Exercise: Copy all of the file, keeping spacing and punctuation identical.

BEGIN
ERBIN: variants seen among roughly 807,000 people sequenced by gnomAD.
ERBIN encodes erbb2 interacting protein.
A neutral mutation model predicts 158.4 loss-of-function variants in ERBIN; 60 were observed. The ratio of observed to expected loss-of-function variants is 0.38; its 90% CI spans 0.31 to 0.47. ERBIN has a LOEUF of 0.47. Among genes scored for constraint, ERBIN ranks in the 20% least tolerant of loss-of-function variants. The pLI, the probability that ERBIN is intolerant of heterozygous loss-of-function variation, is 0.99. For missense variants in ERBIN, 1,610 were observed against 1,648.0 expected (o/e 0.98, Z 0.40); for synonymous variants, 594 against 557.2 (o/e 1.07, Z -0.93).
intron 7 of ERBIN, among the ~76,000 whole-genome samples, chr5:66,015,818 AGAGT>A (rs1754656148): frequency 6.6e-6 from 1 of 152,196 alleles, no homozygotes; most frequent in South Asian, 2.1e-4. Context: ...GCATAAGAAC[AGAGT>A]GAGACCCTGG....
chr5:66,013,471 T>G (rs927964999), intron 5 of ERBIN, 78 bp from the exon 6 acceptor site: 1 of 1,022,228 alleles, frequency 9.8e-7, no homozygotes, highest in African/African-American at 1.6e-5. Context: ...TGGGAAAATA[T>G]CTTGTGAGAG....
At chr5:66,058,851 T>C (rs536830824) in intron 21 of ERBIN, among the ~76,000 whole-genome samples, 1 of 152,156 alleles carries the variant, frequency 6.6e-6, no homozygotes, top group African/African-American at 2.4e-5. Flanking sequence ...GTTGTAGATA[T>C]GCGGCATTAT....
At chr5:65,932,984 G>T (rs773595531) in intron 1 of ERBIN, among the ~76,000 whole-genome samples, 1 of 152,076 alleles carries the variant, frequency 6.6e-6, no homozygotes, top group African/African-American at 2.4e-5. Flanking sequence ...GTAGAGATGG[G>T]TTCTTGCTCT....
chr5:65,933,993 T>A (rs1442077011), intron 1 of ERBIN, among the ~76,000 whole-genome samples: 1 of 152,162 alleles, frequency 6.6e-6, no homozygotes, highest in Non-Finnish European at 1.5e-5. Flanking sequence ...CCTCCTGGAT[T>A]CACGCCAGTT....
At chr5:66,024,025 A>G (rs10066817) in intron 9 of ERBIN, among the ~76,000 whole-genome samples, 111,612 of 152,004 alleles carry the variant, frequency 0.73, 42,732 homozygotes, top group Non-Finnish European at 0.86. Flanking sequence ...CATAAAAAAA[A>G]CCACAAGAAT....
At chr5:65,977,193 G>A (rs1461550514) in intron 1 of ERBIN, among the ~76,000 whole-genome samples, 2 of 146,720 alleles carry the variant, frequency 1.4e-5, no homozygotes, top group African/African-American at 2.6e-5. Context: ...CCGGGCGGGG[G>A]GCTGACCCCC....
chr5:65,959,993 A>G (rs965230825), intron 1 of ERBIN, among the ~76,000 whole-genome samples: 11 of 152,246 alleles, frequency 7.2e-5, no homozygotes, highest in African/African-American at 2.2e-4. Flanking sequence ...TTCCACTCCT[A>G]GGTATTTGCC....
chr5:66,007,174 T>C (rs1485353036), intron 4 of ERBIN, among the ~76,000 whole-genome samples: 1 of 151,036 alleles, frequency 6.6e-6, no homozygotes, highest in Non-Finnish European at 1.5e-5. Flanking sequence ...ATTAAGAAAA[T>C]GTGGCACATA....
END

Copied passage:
ERBIN: variants seen among roughly 807,000 people sequenced by gnomAD.
ERBIN encodes erbb2 interacting protein.
A neutral mutation model predicts 158.4 loss-of-function variants in ERBIN; 60 were observed. The ratio of observed to expected loss-of-function variants is 0.38; its 90% CI spans 0.31 to 0.47. ERBIN has a LOEUF of 0.47. Among genes scored for constraint, ERBIN ranks in the 20% least tolerant of loss-of-function variants. The pLI, the probability that ERBIN is intolerant of heterozygous loss-of-function variation, is 0.99. For missense variants in ERBIN, 1,610 were observed against 1,648.0 expected (o/e 0.98, Z 0.40); for synonymous variants, 594 against 557.2 (o/e 1.07, Z -0.93).
intron 7 of ERBIN, among the ~76,000 whole-genome samples, chr5:66,015,818 AGAGT>A (rs1754656148): frequency 6.6e-6 from 1 of 152,196 alleles, no homozygotes; most frequent in South Asian, 2.1e-4. Context: ...GCATAAGAAC[AGAGT>A]GAGACCCTGG....
chr5:66,013,471 T>G (rs927964999), intron 5 of ERBIN, 78 bp from the exon 6 acceptor site: 1 of 1,022,228 alleles, frequency 9.8e-7, no homozygotes, highest in African/African-American at 1.6e-5. Context: ...TGGGAAAATA[T>G]CTTGTGAGAG....
At chr5:66,058,851 T>C (rs536830824) in intron 21 of ERBIN, among the ~76,000 whole-genome samples, 1 of 152,156 alleles carries the variant, frequency 6.6e-6, no homozygotes, top group African/African-American at 2.4e-5. Flanking sequence ...GTTGTAGATA[T>C]GCGGCATTAT....
At chr5:65,932,984 G>T (rs773595531) in intron 1 of ERBIN, among the ~76,000 whole-genome samples, 1 of 152,076 alleles carries the variant, frequency 6.6e-6, no homozygotes, top group African/African-American at 2.4e-5. Flanking sequence ...GTAGAGATGG[G>T]TTCTTGCTCT....
chr5:65,933,993 T>A (rs1442077011), intron 1 of ERBIN, among the ~76,000 whole-genome samples: 1 of 152,162 alleles, frequency 6.6e-6, no homozygotes, highest in Non-Finnish European at 1.5e-5. Flanking sequence ...CCTCCTGGAT[T>A]CACGCCAGTT....
At chr5:66,024,025 A>G (rs10066817) in intron 9 of ERBIN, among the ~76,000 whole-genome samples, 111,612 of 152,004 alleles carry the variant, frequency 0.73, 42,732 homozygotes, top group Non-Finnish European at 0.86. Flanking sequence ...CATAAAAAAA[A>G]CCACAAGAAT....
At chr5:65,977,193 G>A (rs1461550514) in intron 1 of ERBIN, among the ~76,000 whole-genome samples, 2 of 146,720 alleles carry the variant, frequency 1.4e-5, no homozygotes, top group African/African-American at 2.6e-5. Context: ...CCGGGCGGGG[G>A]GCTGACCCCC....
chr5:65,959,993 A>G (rs965230825), intron 1 of ERBIN, among the ~76,000 whole-genome samples: 11 of 152,246 alleles, frequency 7.2e-5, no homozygotes, highest in African/African-American at 2.2e-4. Flanking sequence ...TTCCACTCCT[A>G]GGTATTTGCC....
chr5:66,007,174 T>C (rs1485353036), intron 4 of ERBIN, among the ~76,000 whole-genome samples: 1 of 151,036 alleles, frequency 6.6e-6, no homozygotes, highest in Non-Finnish European at 1.5e-5. Flanking sequence ...ATTAAGAAAA[T>C]GTGGCACATA....